Entering the bridge, we now see a transition into a subdued but melodic feel for the first seven bars which allows the tension to be momentarily relieved. We hear Ringo playing a closed hi-hat, Harrison picking single-note phrases from the chords, and McCartney just playing the signature chord notes on the bass (not unlike Stu Sutcliffe would play two years prior) while unison singing is heard by John and Paul. This all changes midway through the seventh bar as we now see the origin of the introduction: The repetitive, supposedly Robert Freeman-inspired melodic phrase, punctuated by the same driving force heard at the beginning of the song. The vocals now strategically shift to harmony sung very powerfully, repeating the phrase "I can't hide" (or as Bob Dylan and many others thought, "I get high").
The bridge structure is a perfect segue into another verse, identical in structure to the first two except for different lyrics. As another bridge is then performed in order to again relieve the tension, we see the introduction of harmony vocals throughout, which adds a dynamic touch to distract us from the identical lyrics of the previous bridge.
The fourth and final verse is then performed, which is virtually a repeat of the third verse, one of the differences being in the phrase "when I feel that something," instead of "say that something." The big difference, though, is that the song comprises fifteen bars instead of twelve. The additional three bars consists of a dramatic conclusion which consists of the title of the song being repeated a fourth time with the word "hand" held out with Paul's high harmony for two full bars. For the first of those two bars (the fourteenth in the verse) the group plays in a hard-hitting waltz tempo accentuating each beat with a driving force before resolving into the G chord crating an "amen" cadence. No more suitable ending could be written for a song that would leave a nation breathless and, in the case of teenage females, screaming.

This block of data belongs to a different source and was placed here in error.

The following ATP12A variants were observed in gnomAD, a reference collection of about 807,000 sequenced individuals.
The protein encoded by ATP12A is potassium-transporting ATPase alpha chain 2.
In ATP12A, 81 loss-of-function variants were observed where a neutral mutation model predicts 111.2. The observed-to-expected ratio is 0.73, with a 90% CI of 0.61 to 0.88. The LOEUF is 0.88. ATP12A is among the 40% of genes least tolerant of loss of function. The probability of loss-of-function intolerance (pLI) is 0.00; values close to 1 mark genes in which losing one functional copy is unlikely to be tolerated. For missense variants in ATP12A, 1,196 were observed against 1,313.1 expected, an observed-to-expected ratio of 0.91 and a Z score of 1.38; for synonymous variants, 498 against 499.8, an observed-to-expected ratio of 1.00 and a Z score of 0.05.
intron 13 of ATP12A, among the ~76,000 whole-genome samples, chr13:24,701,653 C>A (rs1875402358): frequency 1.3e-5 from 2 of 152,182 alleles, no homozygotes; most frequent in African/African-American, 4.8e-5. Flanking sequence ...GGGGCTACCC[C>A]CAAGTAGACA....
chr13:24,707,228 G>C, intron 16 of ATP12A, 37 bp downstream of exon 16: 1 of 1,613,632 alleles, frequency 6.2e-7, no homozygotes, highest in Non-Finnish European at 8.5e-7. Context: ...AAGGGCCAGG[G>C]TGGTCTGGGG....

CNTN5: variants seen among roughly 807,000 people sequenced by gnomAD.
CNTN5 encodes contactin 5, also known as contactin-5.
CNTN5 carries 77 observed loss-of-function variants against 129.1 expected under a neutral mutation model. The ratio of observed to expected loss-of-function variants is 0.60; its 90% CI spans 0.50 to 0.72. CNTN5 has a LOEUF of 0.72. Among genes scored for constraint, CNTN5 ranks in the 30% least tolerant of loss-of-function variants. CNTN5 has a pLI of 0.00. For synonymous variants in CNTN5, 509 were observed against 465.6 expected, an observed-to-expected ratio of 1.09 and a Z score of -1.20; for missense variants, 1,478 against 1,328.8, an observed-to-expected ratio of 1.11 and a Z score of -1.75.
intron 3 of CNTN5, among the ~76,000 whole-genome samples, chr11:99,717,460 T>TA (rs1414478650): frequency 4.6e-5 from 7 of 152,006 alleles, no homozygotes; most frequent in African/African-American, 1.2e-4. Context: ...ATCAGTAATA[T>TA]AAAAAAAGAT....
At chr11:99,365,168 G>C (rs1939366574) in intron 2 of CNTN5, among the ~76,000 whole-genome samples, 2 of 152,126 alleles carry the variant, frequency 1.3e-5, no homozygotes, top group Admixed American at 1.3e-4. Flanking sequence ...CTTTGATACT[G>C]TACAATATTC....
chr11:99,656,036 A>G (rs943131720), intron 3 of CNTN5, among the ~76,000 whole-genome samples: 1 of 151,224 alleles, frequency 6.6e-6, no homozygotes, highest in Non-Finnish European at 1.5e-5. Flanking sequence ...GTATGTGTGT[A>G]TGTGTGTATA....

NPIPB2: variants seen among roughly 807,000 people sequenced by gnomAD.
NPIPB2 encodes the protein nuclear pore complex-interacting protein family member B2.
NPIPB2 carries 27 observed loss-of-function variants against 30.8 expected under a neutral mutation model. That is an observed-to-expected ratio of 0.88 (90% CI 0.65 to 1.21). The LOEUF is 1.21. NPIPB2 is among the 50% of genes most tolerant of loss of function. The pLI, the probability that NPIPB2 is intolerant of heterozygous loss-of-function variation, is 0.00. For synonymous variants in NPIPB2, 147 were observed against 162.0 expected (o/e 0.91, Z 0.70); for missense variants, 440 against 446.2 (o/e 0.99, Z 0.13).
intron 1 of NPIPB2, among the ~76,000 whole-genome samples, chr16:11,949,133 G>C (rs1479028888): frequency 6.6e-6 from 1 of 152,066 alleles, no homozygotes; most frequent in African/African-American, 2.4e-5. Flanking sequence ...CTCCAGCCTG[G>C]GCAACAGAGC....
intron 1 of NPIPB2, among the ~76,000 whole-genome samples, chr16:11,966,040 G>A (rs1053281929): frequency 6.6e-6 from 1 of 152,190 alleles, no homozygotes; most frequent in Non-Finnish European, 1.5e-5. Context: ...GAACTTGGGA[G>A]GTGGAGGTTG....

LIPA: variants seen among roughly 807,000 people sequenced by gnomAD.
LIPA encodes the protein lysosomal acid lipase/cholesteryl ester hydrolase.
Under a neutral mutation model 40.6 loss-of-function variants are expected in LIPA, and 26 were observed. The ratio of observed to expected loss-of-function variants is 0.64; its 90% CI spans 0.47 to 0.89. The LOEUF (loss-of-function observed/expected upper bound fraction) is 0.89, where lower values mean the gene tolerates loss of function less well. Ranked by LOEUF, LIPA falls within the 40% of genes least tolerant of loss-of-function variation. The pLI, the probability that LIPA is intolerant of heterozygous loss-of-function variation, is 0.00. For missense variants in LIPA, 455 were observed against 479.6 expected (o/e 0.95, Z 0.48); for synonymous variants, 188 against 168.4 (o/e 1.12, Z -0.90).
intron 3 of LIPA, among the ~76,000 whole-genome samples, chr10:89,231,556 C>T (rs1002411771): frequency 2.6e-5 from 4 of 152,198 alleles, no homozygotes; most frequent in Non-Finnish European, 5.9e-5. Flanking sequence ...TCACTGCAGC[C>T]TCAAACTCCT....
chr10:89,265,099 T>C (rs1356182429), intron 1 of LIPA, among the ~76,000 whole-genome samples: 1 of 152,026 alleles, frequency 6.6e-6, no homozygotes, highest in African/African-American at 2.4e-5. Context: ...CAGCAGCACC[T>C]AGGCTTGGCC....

Even though John and Paul sing all of the lyrics completely through the song, Lennon can easily be designated the lead singer since McCartney is the one who lifts up to a higher harmony whenever the need arises, leaving John to sing the melody line. McCartney's bass work is efficient but rudimentary throughout, only straying from the signature chord notes during the melodic instrumental phrase of the second and sixth bar of each verse.